This page will provide updates of what I am doing and what is going on in the Wyoming legislature.
Happy Equality Day! We have been in session for almost two weeks now. As always, the Labor Committee (Labor, Health and Social Services) has plenty to do. We will be considering 16 bills from the interim committee's work, 8 starting in the House, and 8 in the Senate. We will have some opportunities to make changes that decrease the cost of health insurance for Wyoming's citizens. Last week we also worked on air ambulance costs (with the main obstacle being federal law--what else is new?). Tomorrow we will hear a bill to repeal the death penalty.
I hope you all had a great Thanksgiving. Last Saturday, the Republican caucus met in Casper, as the majority party, and elected our leadership for the 2019-20 term. I have been appointed as Chairman of the Labor, Health & Social Services Committee. I will serve out this year on Appropriations, and take over that chairmanship when the session begins in January. I sat in on the last Labor Committee meeting of the 2018 interim this past Monday and Tuesday to get up to speed on the issues they've been addressing over the summer and fall.
The Appropriations subcommittee on the budget met again at the end of August, and will present some recommendations to the full JAC next week in Buffalo. We are hopeful that we can clarify and simplify the budget information for other legislators and Wyoming citizens in general. You can review our proposals on the subcommittee webpage.
On September 6th I co-chaired the provider funding model committee up in Casper, hearing from the Department of Health and various provider groups on ways to assess the financial position of providers who assist our more vulnerable populations. Back on August 10th I co-chaired the Family Medicine Residency select committee, also in Casper, and we took further testimony on governance and financial issues pertaining to that valuable program.
Now that the primary election is over, I am turning my attention to some ideas for legislation in the 2019 session. I am focusing on bringing back my "Rainy Day Fund" (LSRA) bill from 2018 with some tweaks, a possible pilot program for direct primary care benefits, along with other ways to increase access to healthcare services. I also am working with Enterprise Technology, Homeland Security, and the Military Department to ascertain whether we can enhance our cybersecurity efforts in the state.
My daughter and son-in-law have been visiting from his duty station on Okinawa, accompanied by our delightful two-year-old granddaughter. I've been out campaigning evenings and Saturdays, but last night I showed my granddaughter how to shuck corn for dinner. She loves to help!
During Frontier Days, our Appropriations Subcommittee met to discuss streamlining and clarifying the budget and revenue streams. This work dovetails well with something I'm trying to get done through the Select Committee on Legislative Facilities, Technology and Process, which is to link the agency budget requests to the Legislative home page, so my constituents can find existing information more easily. Pending more upgrades to the Legislative page, here's where you can find all the state agency budgets back to 2005.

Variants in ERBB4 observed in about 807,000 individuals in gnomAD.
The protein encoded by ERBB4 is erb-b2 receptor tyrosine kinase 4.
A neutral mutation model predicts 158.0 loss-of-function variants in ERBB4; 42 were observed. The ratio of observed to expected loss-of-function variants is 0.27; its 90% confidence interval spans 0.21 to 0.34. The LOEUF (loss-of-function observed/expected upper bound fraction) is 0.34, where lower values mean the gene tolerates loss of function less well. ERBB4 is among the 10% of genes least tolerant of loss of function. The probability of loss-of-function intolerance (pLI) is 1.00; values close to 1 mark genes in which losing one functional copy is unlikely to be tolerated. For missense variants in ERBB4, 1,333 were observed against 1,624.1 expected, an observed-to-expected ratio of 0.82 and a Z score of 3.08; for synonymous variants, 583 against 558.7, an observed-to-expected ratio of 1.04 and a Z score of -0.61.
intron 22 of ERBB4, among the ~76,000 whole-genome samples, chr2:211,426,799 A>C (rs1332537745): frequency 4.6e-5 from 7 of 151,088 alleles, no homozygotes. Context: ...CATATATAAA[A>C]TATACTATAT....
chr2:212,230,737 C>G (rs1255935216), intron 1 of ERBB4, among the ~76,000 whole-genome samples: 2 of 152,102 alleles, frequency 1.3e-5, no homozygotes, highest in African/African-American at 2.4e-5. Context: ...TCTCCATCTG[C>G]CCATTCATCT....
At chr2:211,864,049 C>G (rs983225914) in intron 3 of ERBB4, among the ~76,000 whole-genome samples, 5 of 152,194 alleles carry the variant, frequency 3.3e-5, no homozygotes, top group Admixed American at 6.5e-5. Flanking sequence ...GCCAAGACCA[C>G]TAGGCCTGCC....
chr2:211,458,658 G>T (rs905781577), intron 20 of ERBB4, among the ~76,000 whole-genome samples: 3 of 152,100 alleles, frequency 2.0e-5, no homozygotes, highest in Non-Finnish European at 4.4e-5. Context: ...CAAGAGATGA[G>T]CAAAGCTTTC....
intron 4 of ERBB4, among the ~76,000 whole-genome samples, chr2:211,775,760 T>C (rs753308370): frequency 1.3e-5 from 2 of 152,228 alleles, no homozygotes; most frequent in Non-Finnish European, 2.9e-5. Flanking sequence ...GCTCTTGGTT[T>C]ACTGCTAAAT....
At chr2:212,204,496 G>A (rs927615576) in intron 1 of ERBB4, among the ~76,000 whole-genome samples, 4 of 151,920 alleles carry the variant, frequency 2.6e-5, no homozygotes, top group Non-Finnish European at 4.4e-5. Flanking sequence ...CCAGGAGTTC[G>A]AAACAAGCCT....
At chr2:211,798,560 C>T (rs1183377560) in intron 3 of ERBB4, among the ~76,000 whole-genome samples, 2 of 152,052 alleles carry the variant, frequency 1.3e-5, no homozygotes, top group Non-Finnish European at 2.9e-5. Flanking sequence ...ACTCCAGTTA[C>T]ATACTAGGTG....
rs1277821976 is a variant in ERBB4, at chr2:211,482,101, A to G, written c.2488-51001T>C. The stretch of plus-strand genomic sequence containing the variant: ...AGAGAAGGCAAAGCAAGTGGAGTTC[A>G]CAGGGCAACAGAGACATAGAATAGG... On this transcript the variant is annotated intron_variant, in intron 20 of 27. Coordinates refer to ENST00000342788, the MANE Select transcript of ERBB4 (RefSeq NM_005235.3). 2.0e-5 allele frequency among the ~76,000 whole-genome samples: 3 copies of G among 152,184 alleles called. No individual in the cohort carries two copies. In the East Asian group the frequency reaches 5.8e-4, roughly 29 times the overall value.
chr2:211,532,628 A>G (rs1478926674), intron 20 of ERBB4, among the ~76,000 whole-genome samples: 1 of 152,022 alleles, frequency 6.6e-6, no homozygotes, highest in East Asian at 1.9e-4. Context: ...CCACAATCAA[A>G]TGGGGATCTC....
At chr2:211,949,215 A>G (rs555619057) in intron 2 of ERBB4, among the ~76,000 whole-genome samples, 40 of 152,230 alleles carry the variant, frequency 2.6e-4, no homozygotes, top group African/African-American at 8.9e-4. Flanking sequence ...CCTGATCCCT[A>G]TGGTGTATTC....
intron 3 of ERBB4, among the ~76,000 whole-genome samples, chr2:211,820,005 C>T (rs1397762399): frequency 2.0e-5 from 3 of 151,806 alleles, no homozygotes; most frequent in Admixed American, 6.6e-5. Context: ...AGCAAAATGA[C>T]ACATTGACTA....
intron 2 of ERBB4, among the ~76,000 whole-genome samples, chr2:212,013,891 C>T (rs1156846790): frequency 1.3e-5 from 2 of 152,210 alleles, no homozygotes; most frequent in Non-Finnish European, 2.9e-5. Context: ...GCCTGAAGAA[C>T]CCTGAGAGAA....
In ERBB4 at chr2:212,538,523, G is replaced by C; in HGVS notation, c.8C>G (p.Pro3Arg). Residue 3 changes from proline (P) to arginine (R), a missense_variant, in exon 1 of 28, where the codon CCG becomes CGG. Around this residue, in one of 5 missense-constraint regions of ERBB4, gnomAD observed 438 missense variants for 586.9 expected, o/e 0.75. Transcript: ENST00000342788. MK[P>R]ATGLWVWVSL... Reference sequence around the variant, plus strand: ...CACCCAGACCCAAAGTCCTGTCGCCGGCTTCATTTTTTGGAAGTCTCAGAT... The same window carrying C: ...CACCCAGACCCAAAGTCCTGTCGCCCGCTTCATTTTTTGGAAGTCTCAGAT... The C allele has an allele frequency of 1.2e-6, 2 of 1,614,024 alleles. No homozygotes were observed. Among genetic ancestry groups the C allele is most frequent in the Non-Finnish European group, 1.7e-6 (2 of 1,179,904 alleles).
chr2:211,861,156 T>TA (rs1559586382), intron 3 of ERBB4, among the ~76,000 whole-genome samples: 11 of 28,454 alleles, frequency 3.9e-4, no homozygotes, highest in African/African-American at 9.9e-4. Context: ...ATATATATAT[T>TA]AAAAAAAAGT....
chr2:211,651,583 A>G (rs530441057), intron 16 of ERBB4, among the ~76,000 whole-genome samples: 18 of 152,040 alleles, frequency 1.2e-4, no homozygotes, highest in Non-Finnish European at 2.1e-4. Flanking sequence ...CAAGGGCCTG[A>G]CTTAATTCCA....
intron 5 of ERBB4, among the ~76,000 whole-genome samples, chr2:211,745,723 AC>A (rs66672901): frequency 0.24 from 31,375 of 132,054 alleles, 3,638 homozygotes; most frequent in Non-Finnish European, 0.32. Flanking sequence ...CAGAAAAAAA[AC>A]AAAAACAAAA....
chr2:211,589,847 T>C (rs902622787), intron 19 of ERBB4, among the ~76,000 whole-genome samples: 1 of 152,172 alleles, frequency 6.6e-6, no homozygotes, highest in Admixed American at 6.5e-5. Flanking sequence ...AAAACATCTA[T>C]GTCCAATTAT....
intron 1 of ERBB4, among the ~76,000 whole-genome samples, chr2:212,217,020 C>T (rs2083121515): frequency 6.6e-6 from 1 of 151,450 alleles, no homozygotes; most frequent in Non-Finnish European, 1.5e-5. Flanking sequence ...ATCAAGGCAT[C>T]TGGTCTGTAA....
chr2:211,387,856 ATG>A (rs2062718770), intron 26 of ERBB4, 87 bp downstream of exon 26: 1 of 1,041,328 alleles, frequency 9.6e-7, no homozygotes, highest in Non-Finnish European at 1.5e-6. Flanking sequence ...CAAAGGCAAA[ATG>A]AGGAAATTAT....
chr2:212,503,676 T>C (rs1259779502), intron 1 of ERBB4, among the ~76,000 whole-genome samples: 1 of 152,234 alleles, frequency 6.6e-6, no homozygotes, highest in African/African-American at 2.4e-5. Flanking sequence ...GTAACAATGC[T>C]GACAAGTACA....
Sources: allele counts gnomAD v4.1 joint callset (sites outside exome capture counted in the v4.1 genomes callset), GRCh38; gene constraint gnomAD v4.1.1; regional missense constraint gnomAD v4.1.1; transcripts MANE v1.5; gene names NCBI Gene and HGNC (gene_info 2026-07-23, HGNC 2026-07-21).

Last week the Appropriations Committee met in Cheyenne for two days. We received updates from the Treasurer's Office and the Retirement Board on asset allocation and rates of return. We also had phone interviews with the investment officers in South Dakota, Alaska, and Idaho to hear about their investment structures and incentive pay for investment staff. We discussed the history of the state's revenue streams with the idea of finding ways to simplify the revenue accounts and cash flows, along with the budget process. That discussion will continue throughout the interim. In the afternoon we heard from the Office of Homeland Security, various agencies regarding a potential statewide gaming commission, and a discussion of interagency rate setting from ETS (Enterprise Technology Services). We then toured the Green House Data facility to get an understanding of how the state's data are housed electronically and physically.
This week I chaired the Select Committee on the Family Medicine Residency Programs. We are evaluating ways to improve the governance and funding of these programs to serve their joint purposes of educating medical residents and providing safety-net services.
I have also started going around the district to put up signs and visit the voters. I look forward to seeing as many of you as possible.
The Appropriations Committee began meeting in December for agency hearings, and met in January for another two weeks to put together the budget. You can review the governor's requests for all agencies at the Budget division's website. On average, the state budget coming into this session was 14% lower than the previous biennium. Some agencies have been cut 20-30%. The real challenge continues to be funding for K-12 schools, which has been primarily funded by the energy sector (e.g., federal mineral royalties, coal lease bonuses, and property taxes (about 2/3 from the energy sector) for the past several decades. The impact of the decline in revenue from the energy sector is going to take some time to resolve.
On Friday (2/23) the House and the Senate passed their versions of the budget bill. Now the differences between the two versions, which may be substantial, will have to be resolved in conference committee. Assignments to that committee have not yet been made.